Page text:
Take the 2-minute tour ×
Server Fault is a question and answer site for professional system and network administrators. It's 100% free, no registration required.

The situation is this,

I have a desktop machine at home and a work laptop which i connect to my home network via wireless. I then connect to my works network using a vpn. When the VPN is connected on the work laptop all of the remote machines are visible on my desktop so it looks like hundreds of machines are connected to my home netowrk - should this be the case? I thought the whole idea of VPN was that it was private. If this is the case then anytime I connect using a public access point my corporate network is visible to other people on the network.

share|improve this question
    
It completely depends on how the VPN is setup. –  Zoredache Sep 7 '10 at 17:50
    
The network is private from other people on the network. If your computer has the VPN client set up to act as a bridge, then other machines on your home network will see those machines on the other side (though they may not have access, depends on configuration.) Usually the VPN client is configured only to allow access from your "local" laptop to the remote network and not allow others to see things; depends on config. –  Bart Silverstrim Sep 7 '10 at 17:55

3 Answers 3

up vote 0 down vote accepted

At the end of the day, browsing the network in Network Neighborhood or My Network Places is facilitated via NetBIOS over TCP. My suspicion is that your home workgroup name matches your work domain name, or that you're browsing the network via the "Entire Network" selection in My Network Places and that you're specifically selecting the work network from the list of available networks. The fact that it shows up at all on the home desktop is because NetBIOS packets are travelling over the VPN connection and these packets (browse list announcements) are broadcast on the local network, so your desktop picks up these announcements and builds a browse list from them. That being said, no other computer on the local network has access to these work computers except via the VPN connection, so someone would have to hack the VPN connection on your laptop and "piggy back" a ride on the VPN connection in order to access your work network.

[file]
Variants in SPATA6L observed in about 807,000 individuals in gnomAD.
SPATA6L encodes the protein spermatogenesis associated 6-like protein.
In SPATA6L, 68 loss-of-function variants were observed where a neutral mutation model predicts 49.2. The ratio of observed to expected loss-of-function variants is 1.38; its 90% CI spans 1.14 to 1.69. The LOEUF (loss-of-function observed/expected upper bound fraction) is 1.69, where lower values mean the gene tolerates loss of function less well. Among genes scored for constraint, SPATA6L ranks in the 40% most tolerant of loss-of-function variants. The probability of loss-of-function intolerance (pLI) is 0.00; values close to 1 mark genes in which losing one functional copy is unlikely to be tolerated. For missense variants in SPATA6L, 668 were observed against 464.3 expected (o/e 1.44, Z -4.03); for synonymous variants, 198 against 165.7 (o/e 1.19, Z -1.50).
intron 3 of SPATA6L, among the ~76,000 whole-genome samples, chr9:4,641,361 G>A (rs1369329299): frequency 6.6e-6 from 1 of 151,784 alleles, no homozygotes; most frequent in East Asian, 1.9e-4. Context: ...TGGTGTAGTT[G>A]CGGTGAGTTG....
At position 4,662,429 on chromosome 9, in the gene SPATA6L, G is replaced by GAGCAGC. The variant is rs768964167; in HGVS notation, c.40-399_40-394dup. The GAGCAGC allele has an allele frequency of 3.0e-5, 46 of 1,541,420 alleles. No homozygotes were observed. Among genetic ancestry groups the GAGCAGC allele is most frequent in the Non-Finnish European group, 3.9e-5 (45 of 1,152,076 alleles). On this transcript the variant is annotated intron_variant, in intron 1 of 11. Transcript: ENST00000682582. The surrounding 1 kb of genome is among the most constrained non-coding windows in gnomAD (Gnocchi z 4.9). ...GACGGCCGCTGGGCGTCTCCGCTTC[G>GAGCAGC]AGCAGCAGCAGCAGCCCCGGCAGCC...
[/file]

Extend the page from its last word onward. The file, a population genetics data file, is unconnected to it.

share|improve this answer
    
Also, this behavior is not specific to the VPN. All Windows hosts operate in the same manner. To verify this you can power up your laptop on your home network without the VPN connected and you should see the desktop and laptop in your network. –  joeqwerty Sep 7 '10 at 18:30

Sounds like something's not setup correctly. You should ask your system administrator to see how they have things setup. It really shouldn't be doing that by default.

It's "private" in the sense that the rest of the internet shouldn't be able to see what's going on, even though the tunnel has been built from your home to your work over the public internet.

Your work network should only be visible to you at that system, or someone who has compromised your system. The other users at a hotspot (or even in your home) should not see the corporate network "through" your machine.

Maybe you have some sort if internet connection sharing setup on your laptop?

share|improve this answer
    
Technically I'd say it shouldn't be the case; if his network is infected with something or has someone hopping on it and exploring, this is a doorway into the corporate network behind the firewall. Usually sysadmins don't config the VPN client to allow this kind of bridging. Who knows what happens if this guy is in a metro area Starbucks and VPN's in... –  Bart Silverstrim Sep 7 '10 at 17:56
    
You are right - I think you are replying to my initial answer but I revised it a minute or two after. I had mis-read the question a bit. Cheers. –  Matt Sep 7 '10 at 18:14

VPN is private because is the way to create a private network over the "public" internet. It's like tunneling in your LAN, and LANs are to share resources in both ways.

The answer depens on how trustful is the network you are connecting to, and if there's need to access the roadwariors resources while connected.

share|improve this answer

Your Answer

 
discard

By posting your answer, you agree to the privacy policy and terms of service.